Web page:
Yeah, Amy, as you know, I primarily work with churches, but I do have the opportunity from time to time to provide consulting and coaching to business leaders. And here’s what’s crazy. In healthy businesses I’ve served, they practice many biblical principles, and sometimes without even realizing it. But at the same time, many stuck churches I engage with are unwilling to embrace those same biblical principles. And pruning is certainly one example of that. We see this principle described in many passages in the Bible. But let me highlight a couple. First, let’s take a look at what happens when pruning isn’t practiced. This is Isaiah 5:6. And in Isaiah it says this, “I will make it a wild place where the vines are not pruned and the ground is not hoed. A place overgrown with briars and thorns.” It’s describing the picture of what happens when pruning doesn’t happen. And when we don’t practice pruning, eventually the briars and the thorns take over. And businesses get this. And that’s why they routinely prune. If they don’t, they know that their business will lose focus. The business will be overgrown with multitudes of products and services. They’ll experience vision creep, and they’re going to continue to hold on to underperforming people on their team. And that lack of focus will ultimately impact the business’s bottom line. Now, at the same time, the Bible explains what proactive pruning looks like. John 15:2 is a great example of this. And in that verse, it suggests that “he cuts off every branch of mine that doesn’t produce fruit, and he prunes the branches that do bear fruit so they will produce even more.” And sometimes churches I serve are experiencing plateau and decline, and they will explain this away as a season of pruning. Well, you know, Amy, in a handful of rare instances, pruning has been a factor that has led to a temporary plateau or a decline. But I would say more oftentimes than not, the church is experiencing plateau and decline because of several factors, including the fact that they have not pruned.
They’re actually experiencing instead just it’s unhealthy decline.
Well, help us out there. What’s the difference, Tony, between pruning and unhealthy decline?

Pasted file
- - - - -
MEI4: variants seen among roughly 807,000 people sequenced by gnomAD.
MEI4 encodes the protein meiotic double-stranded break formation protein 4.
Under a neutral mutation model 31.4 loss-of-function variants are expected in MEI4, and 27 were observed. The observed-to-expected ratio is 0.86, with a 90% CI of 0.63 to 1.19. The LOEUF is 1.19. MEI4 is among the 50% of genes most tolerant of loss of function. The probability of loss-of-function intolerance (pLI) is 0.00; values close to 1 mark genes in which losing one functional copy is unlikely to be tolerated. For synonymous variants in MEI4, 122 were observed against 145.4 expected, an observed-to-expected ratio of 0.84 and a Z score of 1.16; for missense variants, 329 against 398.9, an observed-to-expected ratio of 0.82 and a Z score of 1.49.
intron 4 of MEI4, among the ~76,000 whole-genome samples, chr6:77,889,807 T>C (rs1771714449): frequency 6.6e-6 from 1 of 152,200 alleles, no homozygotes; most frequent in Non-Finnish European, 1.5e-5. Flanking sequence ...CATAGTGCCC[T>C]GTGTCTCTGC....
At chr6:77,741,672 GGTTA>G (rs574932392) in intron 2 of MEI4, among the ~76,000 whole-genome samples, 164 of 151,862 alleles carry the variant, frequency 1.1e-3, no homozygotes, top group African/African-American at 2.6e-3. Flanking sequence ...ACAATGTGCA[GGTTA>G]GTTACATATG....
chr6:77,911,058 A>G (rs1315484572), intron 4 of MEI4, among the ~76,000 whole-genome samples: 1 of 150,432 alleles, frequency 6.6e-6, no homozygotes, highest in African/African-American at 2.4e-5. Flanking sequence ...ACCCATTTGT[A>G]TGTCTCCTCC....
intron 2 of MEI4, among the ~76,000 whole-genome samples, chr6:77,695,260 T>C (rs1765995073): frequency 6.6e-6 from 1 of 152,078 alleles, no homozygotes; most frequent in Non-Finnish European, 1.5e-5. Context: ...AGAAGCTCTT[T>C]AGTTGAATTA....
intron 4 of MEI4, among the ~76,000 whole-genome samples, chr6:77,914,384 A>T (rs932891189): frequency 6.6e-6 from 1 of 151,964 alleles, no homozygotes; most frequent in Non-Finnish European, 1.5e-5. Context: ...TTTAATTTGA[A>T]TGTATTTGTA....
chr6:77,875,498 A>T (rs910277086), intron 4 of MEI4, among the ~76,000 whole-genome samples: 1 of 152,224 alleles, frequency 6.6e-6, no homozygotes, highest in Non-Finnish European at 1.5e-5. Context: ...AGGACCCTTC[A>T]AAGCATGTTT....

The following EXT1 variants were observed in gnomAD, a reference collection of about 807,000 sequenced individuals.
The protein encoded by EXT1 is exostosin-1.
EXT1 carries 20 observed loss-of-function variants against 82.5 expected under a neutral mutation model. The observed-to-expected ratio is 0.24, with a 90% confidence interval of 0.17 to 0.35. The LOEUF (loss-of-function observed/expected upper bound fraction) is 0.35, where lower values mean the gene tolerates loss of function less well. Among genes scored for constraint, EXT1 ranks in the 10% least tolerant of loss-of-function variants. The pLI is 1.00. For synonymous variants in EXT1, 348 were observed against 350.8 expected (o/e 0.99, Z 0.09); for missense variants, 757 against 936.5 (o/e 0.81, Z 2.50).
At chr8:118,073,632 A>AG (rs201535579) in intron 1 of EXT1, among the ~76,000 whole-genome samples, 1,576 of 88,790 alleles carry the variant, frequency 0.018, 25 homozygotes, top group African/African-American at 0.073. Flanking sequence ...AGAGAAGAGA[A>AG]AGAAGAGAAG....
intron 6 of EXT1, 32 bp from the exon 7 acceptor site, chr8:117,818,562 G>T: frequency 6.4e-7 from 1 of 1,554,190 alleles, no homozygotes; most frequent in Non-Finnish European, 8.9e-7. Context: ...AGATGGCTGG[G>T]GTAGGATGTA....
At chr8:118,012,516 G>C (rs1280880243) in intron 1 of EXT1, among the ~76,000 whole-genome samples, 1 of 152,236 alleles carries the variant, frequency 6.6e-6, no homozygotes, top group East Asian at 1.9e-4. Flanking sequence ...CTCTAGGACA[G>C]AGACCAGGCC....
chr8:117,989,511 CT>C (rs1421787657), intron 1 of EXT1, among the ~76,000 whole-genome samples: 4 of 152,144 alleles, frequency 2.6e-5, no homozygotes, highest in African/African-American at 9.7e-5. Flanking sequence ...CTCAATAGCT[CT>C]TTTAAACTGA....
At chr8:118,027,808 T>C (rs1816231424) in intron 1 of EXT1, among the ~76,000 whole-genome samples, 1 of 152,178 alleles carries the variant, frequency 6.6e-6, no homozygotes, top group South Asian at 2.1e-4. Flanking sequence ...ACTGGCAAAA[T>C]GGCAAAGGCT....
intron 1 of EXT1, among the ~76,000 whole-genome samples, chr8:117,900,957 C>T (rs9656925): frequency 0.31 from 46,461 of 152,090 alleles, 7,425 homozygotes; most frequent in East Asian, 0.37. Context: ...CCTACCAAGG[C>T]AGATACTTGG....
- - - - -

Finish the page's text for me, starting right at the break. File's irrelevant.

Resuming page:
Yeah. So let’s go back to John 15:2 again. Again, this is a picture of proactive pruning. And the verse shared, “he cuts off every branch of mine that doesn’t produce fruit, and he prunes the branches that do bear fruit so that they will produce even more.” And so, specifically biblical pruning has these three characteristics. First, the pruning is intentional. It begins with “he cuts.” Someone is intentionally cutting off branches. Intentionally the size of the plant is being reduced. But it’s because the gardener has intentionally cut off those branches. So if you’re experiencing decline as a church, but it’s not the result of intentional action you’ve taken, that’s not pruning. It’s just decline. And it’s probably unhealthy decline. The second principle we see here is that pruning involves both cutting back what’s unhealthy and what’s healthy. For the pruning to be effective, we have to cut back the dead and unhealthy branches. But we almost always have to also cut back the good things that might prevent us from experiencing the most fruit. And churches rarely are willing to cut back the good ministries that are producing some fruit, even though they could be preventing the church from maximizing its potential health and impact. And then the third principle is that pruning eventually does produce more fruit. And every healthy organization knows that the power of pruning or getting focused in the short run will produce long-term results. But if your church is plateaued or declining and that extends from months to years without new fruit, new health, you haven’t experienced pruning, again, you’re probably just stuck. And that’s likely from unhealthy decline.